In a stable climate, temperatures follow a general rhythm, oscillating between highs and lows. However, in our warming world, this balance is disturbed, with temperatures leaning noticeably toward record highs. These monthly temperature records and neighbouring wildfires serve as a clear signal, pointing to an unsettling trend of increasing climate impacts.

Canada continues to stand in the international spotlight when it comes to climate change. As I look to the signals of the future, I expect to witness a continual steady stream of climate-related events. This likely future underscores the importance of addressing climate change with urgency, determination and preparedness.

Methodology

Behind each record is a community coping with temperatures usually experienced later in the year, spelling consequences for agriculture, water security and the onset of a severe wildfire season. Photo by Shutterstock

Each point on the maps you see above represents a monthly temperature record, meaning the highest temperature ever recorded at a given station for a given month. To gather temperature data for Canada, we used a comprehensive database called the Global Historical Climatology Network (GHCN), which is maintained by the National Oceanic and Atmospheric Administration (NOAA).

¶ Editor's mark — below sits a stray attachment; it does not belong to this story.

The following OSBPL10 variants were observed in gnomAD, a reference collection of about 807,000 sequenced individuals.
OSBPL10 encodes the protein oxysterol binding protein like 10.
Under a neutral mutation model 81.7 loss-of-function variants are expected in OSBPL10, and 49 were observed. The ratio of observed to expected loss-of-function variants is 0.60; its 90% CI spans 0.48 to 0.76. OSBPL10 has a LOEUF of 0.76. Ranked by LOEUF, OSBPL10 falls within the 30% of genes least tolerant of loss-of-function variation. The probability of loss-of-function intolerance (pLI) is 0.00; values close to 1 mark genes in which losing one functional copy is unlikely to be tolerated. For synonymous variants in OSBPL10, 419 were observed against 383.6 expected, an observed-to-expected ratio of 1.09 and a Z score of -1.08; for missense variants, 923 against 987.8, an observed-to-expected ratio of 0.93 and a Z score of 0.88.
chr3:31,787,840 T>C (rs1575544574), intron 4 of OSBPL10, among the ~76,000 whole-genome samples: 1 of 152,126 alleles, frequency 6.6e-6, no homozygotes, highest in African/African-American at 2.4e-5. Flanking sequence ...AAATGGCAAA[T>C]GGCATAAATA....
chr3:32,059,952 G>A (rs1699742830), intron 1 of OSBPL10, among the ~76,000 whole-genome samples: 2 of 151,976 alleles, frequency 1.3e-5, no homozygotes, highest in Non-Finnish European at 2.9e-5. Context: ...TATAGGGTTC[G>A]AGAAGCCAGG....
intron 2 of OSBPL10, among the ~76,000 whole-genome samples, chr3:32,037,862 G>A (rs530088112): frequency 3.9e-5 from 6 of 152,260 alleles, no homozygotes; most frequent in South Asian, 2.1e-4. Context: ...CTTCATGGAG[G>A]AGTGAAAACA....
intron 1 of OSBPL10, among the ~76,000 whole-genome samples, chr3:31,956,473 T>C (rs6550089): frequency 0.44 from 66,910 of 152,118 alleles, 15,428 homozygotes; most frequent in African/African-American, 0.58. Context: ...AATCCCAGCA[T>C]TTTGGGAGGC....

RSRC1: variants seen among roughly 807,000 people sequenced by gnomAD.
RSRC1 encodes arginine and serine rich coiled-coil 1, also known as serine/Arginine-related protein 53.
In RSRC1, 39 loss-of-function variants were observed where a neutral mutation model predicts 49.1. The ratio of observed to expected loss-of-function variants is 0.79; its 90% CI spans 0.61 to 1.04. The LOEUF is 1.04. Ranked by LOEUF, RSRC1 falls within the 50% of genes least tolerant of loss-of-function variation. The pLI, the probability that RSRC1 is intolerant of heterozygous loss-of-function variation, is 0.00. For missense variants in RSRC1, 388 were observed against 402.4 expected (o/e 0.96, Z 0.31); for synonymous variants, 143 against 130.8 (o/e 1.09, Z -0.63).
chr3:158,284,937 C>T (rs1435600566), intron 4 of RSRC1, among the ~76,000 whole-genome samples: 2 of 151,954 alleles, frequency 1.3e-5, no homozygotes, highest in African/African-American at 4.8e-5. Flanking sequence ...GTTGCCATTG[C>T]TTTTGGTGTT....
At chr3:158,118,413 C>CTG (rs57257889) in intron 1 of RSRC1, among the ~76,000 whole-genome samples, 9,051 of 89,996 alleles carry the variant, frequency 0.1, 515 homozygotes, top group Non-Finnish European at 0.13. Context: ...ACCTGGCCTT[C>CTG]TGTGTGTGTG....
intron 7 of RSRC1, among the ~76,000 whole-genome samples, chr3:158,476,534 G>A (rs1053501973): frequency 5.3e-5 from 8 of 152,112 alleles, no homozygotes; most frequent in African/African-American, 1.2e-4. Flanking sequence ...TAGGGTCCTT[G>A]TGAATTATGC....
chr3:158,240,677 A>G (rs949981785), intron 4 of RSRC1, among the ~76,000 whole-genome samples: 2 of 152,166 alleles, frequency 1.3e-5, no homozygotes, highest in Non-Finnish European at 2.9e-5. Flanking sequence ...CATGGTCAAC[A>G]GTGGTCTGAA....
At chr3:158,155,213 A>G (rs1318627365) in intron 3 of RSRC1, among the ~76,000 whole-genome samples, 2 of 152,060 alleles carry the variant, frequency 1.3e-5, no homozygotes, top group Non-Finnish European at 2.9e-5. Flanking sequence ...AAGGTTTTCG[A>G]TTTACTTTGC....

This database contains climate summaries from weather stations across the world, and all the temperature data came from stations managed by Environment and Climate Change Canada (ECCC). We processed and analyzed the data using BigQuery.

NOAA collects and maintains the temperature measurements in the database to ensure data quality, consistency and accuracy. NOAA incorporates quality checks from ECCC to further ensure data accuracy. Any observations that didn't meet the quality standards, such as unusually high or low measurements compared to the Earth's historical temperature records, were excluded from our analysis.

For each month, we identified the highest recorded at each weather station. We only considered stations that had collected data for a minimum of 30 years to ensure the reliability of the records. We didn't combine data from different stations for cities or towns. Instead, we treated each station's observations as representative of the specific location where it was recorded. This means our records might differ from other sources that aggregate data from multiple locations, depending on the regions, stations and aggregations they considered.

Wildfire data is sourced from the Canadian Wildland Fire Information System. Data is as of 9 a.m. Eastern on July 4. Burned area perimeters are estimates based on satellite data.

Jamie Sandison is a data scientist who is passionate about climate change, news stories and data. Jamie studied climate communication and data visualization during his master of science at uOttawa’s Institute of the Environment in 2022. He lives in Toronto.